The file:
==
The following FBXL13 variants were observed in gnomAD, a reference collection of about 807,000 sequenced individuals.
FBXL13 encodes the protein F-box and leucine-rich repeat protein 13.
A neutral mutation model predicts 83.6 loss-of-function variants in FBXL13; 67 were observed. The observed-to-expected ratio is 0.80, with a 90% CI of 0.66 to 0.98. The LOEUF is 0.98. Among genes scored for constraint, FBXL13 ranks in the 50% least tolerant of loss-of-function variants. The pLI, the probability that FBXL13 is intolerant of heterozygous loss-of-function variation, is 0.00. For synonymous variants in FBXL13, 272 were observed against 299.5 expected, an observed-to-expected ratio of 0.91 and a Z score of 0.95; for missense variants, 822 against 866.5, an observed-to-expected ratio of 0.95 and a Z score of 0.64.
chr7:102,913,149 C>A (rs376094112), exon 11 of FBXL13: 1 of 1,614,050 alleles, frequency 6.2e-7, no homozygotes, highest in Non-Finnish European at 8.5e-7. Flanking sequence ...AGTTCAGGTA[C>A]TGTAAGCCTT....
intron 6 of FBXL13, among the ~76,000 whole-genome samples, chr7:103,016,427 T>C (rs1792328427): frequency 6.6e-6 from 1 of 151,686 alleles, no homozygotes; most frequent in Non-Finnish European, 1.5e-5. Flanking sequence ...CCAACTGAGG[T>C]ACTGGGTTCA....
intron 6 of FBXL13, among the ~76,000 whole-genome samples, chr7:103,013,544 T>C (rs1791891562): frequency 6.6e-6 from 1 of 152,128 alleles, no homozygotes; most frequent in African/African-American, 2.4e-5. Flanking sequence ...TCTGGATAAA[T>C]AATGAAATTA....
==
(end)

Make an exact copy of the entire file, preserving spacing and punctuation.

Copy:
The following FBXL13 variants were observed in gnomAD, a reference collection of about 807,000 sequenced individuals.
FBXL13 encodes the protein F-box and leucine-rich repeat protein 13.
A neutral mutation model predicts 83.6 loss-of-function variants in FBXL13; 67 were observed. The observed-to-expected ratio is 0.80, with a 90% CI of 0.66 to 0.98. The LOEUF is 0.98. Among genes scored for constraint, FBXL13 ranks in the 50% least tolerant of loss-of-function variants. The pLI, the probability that FBXL13 is intolerant of heterozygous loss-of-function variation, is 0.00. For synonymous variants in FBXL13, 272 were observed against 299.5 expected, an observed-to-expected ratio of 0.91 and a Z score of 0.95; for missense variants, 822 against 866.5, an observed-to-expected ratio of 0.95 and a Z score of 0.64.
chr7:102,913,149 C>A (rs376094112), exon 11 of FBXL13: 1 of 1,614,050 alleles, frequency 6.2e-7, no homozygotes, highest in Non-Finnish European at 8.5e-7. Flanking sequence ...AGTTCAGGTA[C>A]TGTAAGCCTT....
intron 6 of FBXL13, among the ~76,000 whole-genome samples, chr7:103,016,427 T>C (rs1792328427): frequency 6.6e-6 from 1 of 151,686 alleles, no homozygotes; most frequent in Non-Finnish European, 1.5e-5. Flanking sequence ...CCAACTGAGG[T>C]ACTGGGTTCA....
intron 6 of FBXL13, among the ~76,000 whole-genome samples, chr7:103,013,544 T>C (rs1791891562): frequency 6.6e-6 from 1 of 152,128 alleles, no homozygotes; most frequent in African/African-American, 2.4e-5. Flanking sequence ...TCTGGATAAA[T>C]AATGAAATTA....